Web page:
Now What? Three Thoughts on 6-2 UND Loss to Western Michigan

Well, that happened. Last night at the Ralph Engelstad Arena, the University of North Dakota played arguably its worst game of the season as they lost a 6-2 NCHC conference matchup to the Western Michigan Broncos. The Fighting Hawks did get two more goals on this night than in the series opener Friday, however, Western Michigan scored six goals in between them to provide the final margin. After the game, the mood was obviously somber among the Fighting Hawks. Thankfully, UND has a home thanksgiving weekend non-conference series to prepare for this weekend against Alaska Anchorage. The Fighting Hawks will no doubt review every error from Saturday, and every close bounce from Friday as they look to change their fortunes against the Seawolves. Here are some thoughts on the weekend and what’s next for UND.

With Wade Allison Western Michigan Can Surprise Some People 

Western Michigan got its star winger back for the Saturday night affair, Wade Allison, and he made an impact right away. The Flyers’ prospect contributed a goal and an assist in the effort. He did skate limited minutes as the game went on and the margin was widened. However, on the power play, his shot for a goal was pitch perfect, and showed that with more time he can be even better. If the Broncos are able to keep him healthy and rested, they will sneak up on more teams like what they did to North Dakota on Saturday.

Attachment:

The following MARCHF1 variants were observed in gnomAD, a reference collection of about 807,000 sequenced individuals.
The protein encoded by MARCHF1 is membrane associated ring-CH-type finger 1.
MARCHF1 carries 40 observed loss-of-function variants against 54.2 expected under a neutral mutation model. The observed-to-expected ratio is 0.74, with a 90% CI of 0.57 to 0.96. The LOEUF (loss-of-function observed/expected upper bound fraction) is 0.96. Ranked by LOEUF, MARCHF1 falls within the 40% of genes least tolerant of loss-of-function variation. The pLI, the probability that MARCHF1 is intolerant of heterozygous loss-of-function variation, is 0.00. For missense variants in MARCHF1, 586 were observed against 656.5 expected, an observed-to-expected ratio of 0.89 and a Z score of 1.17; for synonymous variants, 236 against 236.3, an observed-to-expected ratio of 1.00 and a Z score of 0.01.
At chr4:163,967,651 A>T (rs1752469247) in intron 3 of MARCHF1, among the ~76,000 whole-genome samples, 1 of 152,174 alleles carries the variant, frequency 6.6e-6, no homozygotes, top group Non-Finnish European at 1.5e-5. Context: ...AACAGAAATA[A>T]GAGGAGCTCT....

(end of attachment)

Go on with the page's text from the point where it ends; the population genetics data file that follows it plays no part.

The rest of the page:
Platoon Possibilities in Net

Both of UND’s main goalies, Adam Scheel and Peter Thome, have had ups and downs this season. Scheel was the man in net for the five game win streak that accounted for all of UND’s wins so far this season. Thome had a good game Friday and a nice freshman season earning playing time as the main backup. If not for a fluky double deflection on Friday, Thome could have had a much better result. That said, I mentioned the Lakers solution to goaltending as an idea, at least for a little bit. Fighting Hawks’ Head Coach Brad Berry typically likes to find a starter and stick with them which normally makes sense. This year, to start, things have been a bit different. Both goalies have had highs and lows to their game, and both play a similar style. It could be a change of pace if each goalie knew that they had one game to prepare for each week, as UND has not utilized a pure platoon system in at least the past few years. This system can help the coaches play to the strengths of each goalie, and help both further develop their games faster. Goalies need ice time to develop. Seeing what each could do with an equal share of starts through the holiday break would be a change of pace that UND could use.

Improve the Power Play

The Fighting Hawks look their best on the power play when they get pucks and bodies to the net as fast and simply as  Jasper Weatherby’s goal on Saturday illustrated. He banged home a rebound on a Gabe Bast point shot to score the lone tally until the last minute of the third period in the finale. This power play stood out to me as a model for the rest of the season. If UND can simplify its game, and get more people to the front of the net, good things can and will happen. Weatherby’s size and ability to redirect pucks are superb, and despite his role as a center, it may be worth having him on the wing on a power play unit and clogging the goalie’s vision on future chances.

Once Nick Jones returns from his injury, having Weatherby play a wing position and playing on Rhett Gardner or Jones’ wing would immediately provide deeper depth to a power play that generates chances, but could stand to generate a few more high quality chances.

 

 

 

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